The peninsula of Pelješac looks like an image straight out of a postcard, with its long shingle beaches. A true rarity in every sense of the word, it stretches out to Korčula from north of Dubrovnik. This Dalmatian getaway doesn’t get those tedious crowds of tourists and welcomes a small number of wine lovers and windsurfers instead.
Pelješac is famous for its mussels and oysters that are no doubt the best ones you can find in the entire Croatian region. Originally the northern outpost of Ragusa Republic, the presentd-day Dubrovnik, Pelješac still serves as the home to Walls of Ston, a one of a kind historic attraction and is the longest fortification in Europe.
If you have plans to visit anytime soon, here are some activities you shouldn’t miss once you set foot in this mystic place.
1. Go on a Trek in Sveti ilija
Sveti Ilija is the peninsula’s highest point located just northwest of Orebić and there are a few starting points for trekking it. Probably the easiest and simplest route you can try starts from the abandoned village of Gornja Nakovana, a short drive from Viganj. There is a marked trail from there that takes you little by little to the 961-meter peak, with the hike taking 2 hours.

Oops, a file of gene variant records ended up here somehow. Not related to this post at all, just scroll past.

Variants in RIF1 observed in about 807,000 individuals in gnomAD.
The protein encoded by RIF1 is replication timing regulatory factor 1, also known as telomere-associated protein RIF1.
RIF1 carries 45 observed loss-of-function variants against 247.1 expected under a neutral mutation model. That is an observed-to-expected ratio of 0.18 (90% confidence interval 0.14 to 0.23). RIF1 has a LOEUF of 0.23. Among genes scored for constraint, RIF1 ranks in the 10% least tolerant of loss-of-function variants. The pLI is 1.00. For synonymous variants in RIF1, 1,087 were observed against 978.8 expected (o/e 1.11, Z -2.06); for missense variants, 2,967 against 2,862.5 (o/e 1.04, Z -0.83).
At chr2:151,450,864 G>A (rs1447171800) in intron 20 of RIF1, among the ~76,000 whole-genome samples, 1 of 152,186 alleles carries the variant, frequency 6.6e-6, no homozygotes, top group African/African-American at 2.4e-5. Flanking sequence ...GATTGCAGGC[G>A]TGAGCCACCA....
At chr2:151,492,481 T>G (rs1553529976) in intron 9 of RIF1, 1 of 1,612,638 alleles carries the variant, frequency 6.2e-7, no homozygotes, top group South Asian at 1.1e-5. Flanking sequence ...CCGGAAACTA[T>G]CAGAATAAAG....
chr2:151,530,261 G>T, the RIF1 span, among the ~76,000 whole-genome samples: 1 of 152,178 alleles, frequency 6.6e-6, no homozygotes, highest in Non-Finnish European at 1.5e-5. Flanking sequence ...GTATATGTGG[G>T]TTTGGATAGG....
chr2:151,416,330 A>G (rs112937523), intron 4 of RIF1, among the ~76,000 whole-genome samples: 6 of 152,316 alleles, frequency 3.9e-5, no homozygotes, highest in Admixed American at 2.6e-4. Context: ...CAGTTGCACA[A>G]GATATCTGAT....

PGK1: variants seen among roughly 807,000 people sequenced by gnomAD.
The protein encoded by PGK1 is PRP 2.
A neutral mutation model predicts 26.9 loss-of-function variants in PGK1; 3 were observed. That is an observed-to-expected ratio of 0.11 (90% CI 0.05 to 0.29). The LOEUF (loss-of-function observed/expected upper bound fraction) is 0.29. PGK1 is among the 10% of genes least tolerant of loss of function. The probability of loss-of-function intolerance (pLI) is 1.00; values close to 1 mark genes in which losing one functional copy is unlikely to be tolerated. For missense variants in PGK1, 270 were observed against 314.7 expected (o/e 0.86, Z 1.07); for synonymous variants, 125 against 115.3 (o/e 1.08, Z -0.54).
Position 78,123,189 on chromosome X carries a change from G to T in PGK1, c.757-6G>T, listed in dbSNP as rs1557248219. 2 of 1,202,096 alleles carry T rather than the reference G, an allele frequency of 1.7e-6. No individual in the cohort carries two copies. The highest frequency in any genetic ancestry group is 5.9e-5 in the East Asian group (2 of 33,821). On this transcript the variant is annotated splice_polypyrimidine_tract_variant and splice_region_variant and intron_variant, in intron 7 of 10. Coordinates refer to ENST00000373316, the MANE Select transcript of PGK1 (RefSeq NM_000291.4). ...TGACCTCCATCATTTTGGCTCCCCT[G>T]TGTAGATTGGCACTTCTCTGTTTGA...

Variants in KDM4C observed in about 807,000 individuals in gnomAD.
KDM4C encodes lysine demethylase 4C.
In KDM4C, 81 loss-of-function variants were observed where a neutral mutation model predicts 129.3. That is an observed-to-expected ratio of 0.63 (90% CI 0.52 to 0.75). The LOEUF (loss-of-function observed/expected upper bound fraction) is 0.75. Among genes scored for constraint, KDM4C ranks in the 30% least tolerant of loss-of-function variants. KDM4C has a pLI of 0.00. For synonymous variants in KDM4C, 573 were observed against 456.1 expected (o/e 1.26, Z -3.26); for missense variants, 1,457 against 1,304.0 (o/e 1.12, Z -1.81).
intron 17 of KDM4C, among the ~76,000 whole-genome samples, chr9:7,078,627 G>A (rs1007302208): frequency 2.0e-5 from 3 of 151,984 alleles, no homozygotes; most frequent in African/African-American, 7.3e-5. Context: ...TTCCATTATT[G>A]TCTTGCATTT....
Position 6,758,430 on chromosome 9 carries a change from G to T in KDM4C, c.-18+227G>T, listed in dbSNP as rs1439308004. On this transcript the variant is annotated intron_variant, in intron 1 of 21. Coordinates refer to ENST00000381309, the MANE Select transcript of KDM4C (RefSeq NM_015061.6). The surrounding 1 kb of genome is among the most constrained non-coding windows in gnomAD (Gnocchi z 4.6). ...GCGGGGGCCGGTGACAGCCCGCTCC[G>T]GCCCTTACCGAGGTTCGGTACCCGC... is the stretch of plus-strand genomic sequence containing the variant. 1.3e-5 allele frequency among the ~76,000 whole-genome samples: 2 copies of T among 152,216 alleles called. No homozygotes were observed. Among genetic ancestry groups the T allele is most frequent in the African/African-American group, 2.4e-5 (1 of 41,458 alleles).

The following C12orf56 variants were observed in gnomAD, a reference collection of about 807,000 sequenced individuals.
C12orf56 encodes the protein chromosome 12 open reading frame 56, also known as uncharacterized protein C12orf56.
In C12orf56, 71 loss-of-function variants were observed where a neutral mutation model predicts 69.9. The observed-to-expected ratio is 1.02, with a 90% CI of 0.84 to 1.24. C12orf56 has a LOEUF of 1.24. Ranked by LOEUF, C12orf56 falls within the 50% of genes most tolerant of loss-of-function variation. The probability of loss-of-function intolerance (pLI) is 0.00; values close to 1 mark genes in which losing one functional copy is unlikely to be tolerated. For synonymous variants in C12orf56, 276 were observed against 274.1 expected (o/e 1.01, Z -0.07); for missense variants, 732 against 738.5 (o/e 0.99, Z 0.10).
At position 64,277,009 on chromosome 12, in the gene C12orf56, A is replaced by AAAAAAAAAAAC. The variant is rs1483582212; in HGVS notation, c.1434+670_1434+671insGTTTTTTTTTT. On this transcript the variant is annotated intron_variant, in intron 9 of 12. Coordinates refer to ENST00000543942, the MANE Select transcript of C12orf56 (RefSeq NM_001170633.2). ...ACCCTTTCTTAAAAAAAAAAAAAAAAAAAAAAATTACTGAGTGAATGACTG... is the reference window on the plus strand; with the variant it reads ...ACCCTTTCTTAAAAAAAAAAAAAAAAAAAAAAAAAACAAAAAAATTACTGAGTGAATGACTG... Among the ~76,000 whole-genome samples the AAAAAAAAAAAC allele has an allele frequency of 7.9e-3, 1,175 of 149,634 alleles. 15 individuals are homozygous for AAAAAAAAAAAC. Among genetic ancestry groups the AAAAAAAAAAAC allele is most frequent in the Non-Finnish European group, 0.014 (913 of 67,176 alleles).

Take note that the ascent is a rocky one so wear strong shoes or boots. Drink lots of water and don’t set off during a hot summer afternoon. These slopes also serve as a habitat to horn-nosed vipers, though, so wear your long trousers to stay on the safe side.
Don’t worry because all of these exertion and preparation will reward you with the chance to see Dalmatia in all its glory spread out before you. With the right conditions, this scenic view can even stretch out as far as Montenegro.
2. Visit the Legendary Winery
It was in 1996 when Miljenko ‘Mike’ Grgich, the legendary winemaker who cemented his international reputation in California, opened Grgić vina at Trstenik. Grgich is the one who created Chateau Montelena, that famous Chardonnay that beat its popular French competitors in 1976 during Judgment of Paris. He decided to go back to his homeland to introduce the contemporary techniques of winemaking to Pelješac peninsula’s steep slopes.
It resulted to his acclaimed Plavac Mali with its deep red color with flavors that were harmonized for more than 2 years, including the ageing for 15 months in the special France-imported oak barrels.
Sold for a very affordable price at the best restaurants in Dubrovnik, it is best and more affordable to sample this high quality tipple at Grgich winery on ordinary days of the week.
3. Fill Your Tummy at Mali Ston
Vila Koruna is among the topnotch dining spots in the peninsula with a menu divided based on the provision of a complete experience for local dining, from apéritif to coffee with some courses in between. A good choice here is to start with Dalmatian cheese and prosciutto followed by cream of asparagus soup, and move on to grilled rump steak with butter-tossed boiled vegetables.